Additionally, inmates do not receive proper medical and dental services, too many inmates receive hot meals at one time and a lack of functioning radio sets hamper communication between jail staff, the complaint says.
Two other major incidents happened the day the inmates escaped, including a fight in which a deputy broke his hand and an in-custody death which was investigated by the District Attorney's office.
In a letter addressed to the supervisors on Feb. 18, Sheriff Hutchens poked holes in the lawsuit, saying "assertions that the department is not moving quick enough are blatantly false."
Hutchens also claimed the department's internal investigation has not yet determined if a lack of staffing was a causal factor in the escape. She told the board she would make requests for funding to implement solutions "only when I can justify that a given funding request is based on a functional necessity, not a haphazard response to external pressure."
Orange County Sheriff's Department Public Information Officer Mark Stichter said immediately following the inmate escape, areas of the jail that were compromised during the escape were repaired and secured. Stichter said the jail is "100 percent safe now."
The department will not comment on details of the lawsuit, but Stichter said they were disappointed they couldn't work with the association outside of court.
"We are disappointed the lawsuit was filed because there's a cooperative process that goes forward and that was completely bypassed," Stichter said.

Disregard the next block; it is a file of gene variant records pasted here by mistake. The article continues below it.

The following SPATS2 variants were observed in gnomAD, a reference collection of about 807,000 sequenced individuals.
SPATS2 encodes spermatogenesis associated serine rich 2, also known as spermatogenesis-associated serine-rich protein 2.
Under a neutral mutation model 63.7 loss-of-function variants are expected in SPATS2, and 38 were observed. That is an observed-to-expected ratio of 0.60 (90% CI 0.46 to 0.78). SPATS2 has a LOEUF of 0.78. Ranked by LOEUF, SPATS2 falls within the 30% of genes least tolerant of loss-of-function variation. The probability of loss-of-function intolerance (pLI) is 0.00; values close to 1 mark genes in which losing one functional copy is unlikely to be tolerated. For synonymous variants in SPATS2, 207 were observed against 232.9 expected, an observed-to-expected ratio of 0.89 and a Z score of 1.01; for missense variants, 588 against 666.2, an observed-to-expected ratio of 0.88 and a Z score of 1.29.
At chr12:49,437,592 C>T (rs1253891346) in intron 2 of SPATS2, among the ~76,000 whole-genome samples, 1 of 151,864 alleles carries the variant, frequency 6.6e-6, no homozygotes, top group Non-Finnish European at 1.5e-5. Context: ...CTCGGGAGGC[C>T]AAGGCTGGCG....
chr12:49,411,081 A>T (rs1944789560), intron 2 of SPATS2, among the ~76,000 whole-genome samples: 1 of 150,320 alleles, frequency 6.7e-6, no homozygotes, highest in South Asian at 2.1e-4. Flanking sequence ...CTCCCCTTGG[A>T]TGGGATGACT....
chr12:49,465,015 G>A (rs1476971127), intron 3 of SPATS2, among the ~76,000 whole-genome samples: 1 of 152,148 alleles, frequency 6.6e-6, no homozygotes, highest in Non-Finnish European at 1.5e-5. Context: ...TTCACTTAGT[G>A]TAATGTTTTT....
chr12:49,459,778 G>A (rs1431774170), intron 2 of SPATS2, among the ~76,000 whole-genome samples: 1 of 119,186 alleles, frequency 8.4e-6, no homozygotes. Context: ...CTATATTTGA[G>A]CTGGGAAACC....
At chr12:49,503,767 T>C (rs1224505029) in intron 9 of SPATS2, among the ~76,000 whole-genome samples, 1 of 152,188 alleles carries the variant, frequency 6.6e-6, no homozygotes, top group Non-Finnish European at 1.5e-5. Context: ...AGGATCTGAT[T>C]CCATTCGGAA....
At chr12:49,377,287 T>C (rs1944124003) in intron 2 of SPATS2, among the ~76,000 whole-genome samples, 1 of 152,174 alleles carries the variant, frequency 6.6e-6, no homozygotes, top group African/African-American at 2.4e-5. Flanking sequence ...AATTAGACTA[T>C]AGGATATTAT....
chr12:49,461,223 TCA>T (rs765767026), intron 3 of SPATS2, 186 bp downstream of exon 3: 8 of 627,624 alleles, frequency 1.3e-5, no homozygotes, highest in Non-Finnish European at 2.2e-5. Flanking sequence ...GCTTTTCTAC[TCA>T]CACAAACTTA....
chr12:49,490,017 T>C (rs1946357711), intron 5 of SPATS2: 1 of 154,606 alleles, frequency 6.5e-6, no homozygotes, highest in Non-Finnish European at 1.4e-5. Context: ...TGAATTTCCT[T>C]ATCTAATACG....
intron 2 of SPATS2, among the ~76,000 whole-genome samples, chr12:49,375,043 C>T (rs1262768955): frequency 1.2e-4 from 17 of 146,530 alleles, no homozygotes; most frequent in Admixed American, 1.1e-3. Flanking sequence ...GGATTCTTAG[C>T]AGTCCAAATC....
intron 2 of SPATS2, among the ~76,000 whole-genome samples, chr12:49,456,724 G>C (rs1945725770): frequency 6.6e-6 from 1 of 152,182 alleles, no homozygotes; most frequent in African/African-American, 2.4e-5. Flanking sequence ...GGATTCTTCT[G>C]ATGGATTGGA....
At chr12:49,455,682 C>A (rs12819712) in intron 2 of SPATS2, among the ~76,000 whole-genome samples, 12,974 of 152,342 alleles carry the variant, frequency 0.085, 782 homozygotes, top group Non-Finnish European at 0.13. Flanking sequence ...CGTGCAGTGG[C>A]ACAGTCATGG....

An internal investigation by the sheriff's department into the inmate escape will be completed within a year, according to Stichter.
In a letter sent to Hutchens on Jan. 29, association president Tom Dominguez called for the immediate removal of Capt. Chris Wilson, whom the association claims directed deputies to ignore department protocol on inmate counts in the year leading up to the escape.
Dominguez also called for an independent review of jail management by an outside entity.
"The sheriff has a history of refusing to address these issues and once again has made it clear she has no immediate intention of correcting these unsafe staffing levels, choosing instead to accept the fact that the current staffing levels are capable of maintaining control of the inmates," Domingez said in a written statement.
"This is exactly why we are insisting on an independent outside investigation and staffing analysis which we firmly believe will show that the staffing at the Central Men's Jail is woefully inadequate and mismanaged."
The association's lawsuit names Orange County Sheriff-Coroner Sandra Hutchens, the Orange County Sheriff's Department, Orange County and its board of supervisors as defendants. It wants a court order to return staffing levels to where they were before a unilateral change that violated the bargaining process and a declaration that the change violated the officers' bargaining rights under the Meyers-Milias-Brown Act.
Adam Chaikin of Olins Riviere Coates & Bagula in San Diego represents the association.
The Orange County Board of Supervisors is scheduled to meet with Hutchens in closed session tomorrow to discuss security at the jail and the status of the internal investigation.